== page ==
The “people” food choices are practically endless (avoid fried foods). Your cockatiel may seem uninterested in what you put in its cage, but keep trying. Eventually, the bird will play with the food and taste some in the process. Then it just might decide to eat more of it.

There are also many excellent pelleted bird foods available, including Zupreem, Harrison’s, and Roudybush. Check with an avian vet for a recommendation. Pellets provide much more nutrition than seed, so I encourage you to provide them.

Seed is like the “McDonalds” of bird food. Still, some experts recommend feeding limited amounts of seed, along with pellets and fresh foods. For my rescue birds, who were fed only seed before they came to me, I buy Kaytee or Sun Seed mixes that have little or no sunflower seeds, which are high in fat. I do sprout sunflower seeds, however, by soaking them overnight, draining the next day and leaving them in a collander for a day or two to sprout. In this form, sunflower seeds are nutritious. I also soak soft wheat (available at feed and health food stores) the same way. They love this.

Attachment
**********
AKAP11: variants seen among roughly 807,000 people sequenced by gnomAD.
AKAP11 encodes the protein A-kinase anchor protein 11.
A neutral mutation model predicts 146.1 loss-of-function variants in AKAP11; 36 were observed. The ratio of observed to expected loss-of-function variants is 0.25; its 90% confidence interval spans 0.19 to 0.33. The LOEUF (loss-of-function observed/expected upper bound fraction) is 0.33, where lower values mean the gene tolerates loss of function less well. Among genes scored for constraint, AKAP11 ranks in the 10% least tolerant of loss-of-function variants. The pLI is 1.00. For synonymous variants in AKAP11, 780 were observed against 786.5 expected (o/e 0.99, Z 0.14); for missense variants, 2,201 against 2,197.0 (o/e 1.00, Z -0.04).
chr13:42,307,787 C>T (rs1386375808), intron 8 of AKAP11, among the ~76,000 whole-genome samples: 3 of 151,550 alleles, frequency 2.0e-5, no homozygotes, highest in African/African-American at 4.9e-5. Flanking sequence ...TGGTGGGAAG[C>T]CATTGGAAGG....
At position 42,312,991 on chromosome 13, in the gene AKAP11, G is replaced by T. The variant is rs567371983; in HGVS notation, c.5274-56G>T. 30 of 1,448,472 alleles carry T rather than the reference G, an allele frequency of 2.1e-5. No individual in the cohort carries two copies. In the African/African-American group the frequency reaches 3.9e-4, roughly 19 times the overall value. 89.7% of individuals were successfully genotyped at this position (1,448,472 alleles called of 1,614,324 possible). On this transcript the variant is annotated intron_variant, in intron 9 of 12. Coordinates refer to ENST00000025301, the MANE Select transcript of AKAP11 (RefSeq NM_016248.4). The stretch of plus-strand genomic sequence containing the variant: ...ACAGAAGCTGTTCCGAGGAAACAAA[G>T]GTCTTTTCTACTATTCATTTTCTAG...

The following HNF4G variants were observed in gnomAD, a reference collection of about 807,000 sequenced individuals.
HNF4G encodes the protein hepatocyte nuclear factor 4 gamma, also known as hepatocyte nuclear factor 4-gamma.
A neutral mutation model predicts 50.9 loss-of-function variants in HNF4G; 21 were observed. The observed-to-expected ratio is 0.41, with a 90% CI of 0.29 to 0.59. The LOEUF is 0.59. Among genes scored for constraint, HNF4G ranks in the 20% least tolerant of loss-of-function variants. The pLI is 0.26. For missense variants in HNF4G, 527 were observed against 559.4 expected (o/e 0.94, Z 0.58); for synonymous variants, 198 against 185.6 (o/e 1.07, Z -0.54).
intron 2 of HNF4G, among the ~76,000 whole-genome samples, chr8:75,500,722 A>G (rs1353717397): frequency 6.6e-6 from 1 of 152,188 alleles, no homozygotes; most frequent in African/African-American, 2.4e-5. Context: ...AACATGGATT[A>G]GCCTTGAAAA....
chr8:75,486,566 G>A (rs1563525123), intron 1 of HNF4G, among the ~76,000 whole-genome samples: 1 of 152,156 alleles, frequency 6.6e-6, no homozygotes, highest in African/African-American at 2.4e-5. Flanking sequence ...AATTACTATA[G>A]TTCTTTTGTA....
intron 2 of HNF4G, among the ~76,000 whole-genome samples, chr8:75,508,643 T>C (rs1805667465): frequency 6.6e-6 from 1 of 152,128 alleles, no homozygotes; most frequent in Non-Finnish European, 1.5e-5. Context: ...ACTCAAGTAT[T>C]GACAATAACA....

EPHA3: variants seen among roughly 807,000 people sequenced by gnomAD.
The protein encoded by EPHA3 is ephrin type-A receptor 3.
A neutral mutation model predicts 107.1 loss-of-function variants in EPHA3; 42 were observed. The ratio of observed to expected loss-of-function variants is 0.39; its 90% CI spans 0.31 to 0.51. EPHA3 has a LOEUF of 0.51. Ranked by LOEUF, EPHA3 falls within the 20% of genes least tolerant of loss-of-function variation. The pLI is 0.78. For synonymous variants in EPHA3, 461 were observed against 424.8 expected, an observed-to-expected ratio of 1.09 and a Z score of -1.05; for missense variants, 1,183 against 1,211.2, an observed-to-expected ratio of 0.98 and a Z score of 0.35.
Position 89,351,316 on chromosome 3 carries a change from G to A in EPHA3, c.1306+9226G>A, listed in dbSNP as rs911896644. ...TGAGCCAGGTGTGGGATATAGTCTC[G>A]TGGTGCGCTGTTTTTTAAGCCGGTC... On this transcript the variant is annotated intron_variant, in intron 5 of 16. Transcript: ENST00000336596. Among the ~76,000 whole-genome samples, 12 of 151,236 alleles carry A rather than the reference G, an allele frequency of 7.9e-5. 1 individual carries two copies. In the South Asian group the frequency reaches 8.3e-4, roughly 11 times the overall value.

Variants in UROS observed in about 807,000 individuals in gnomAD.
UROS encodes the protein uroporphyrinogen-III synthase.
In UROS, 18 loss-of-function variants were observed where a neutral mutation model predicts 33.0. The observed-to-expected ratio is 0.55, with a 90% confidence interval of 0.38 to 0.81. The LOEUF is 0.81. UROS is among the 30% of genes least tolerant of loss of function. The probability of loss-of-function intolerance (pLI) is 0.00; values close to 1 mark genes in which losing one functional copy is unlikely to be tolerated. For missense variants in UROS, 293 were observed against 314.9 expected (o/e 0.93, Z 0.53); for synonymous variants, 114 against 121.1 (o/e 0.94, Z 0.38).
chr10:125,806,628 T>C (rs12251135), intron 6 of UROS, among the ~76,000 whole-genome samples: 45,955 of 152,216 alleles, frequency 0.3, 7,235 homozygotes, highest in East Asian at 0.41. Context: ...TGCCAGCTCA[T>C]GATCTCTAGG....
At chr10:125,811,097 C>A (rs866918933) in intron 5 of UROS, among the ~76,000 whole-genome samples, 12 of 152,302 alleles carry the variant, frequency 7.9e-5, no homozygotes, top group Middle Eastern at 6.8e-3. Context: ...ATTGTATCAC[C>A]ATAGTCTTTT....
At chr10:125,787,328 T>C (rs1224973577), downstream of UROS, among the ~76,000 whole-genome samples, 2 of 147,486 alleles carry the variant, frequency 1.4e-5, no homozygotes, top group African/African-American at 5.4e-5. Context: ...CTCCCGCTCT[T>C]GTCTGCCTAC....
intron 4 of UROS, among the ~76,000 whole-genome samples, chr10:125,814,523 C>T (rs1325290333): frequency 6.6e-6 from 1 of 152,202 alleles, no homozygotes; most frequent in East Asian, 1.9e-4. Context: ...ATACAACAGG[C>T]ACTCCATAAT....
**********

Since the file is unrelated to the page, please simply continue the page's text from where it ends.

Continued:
Do NOT give your bird – any bird – chocolate! It can be deadly.

Many bird owners supplement their pets’ diets with vitamins. If your bird eats soft foods, such as rice or vegetables, you can buy powdered vitamins and mineral supplements to sprinkle on that food. If it becomes strictly a seed-eater, you can buy liquid vitamins to add to its water. But if the bird eats a variety of fresh fruits, veggies and some protein, it won’t necessarily need vitamins. An avian vet can check the bird’s vitamin levels.

Training

Many cockatiels can be taught to talk. Usually, males learn to talk more easily and quickly than females. However, many females do talk, and many males don’t. If you want to teach your bird to talk, it’s important that you begin when it is very young.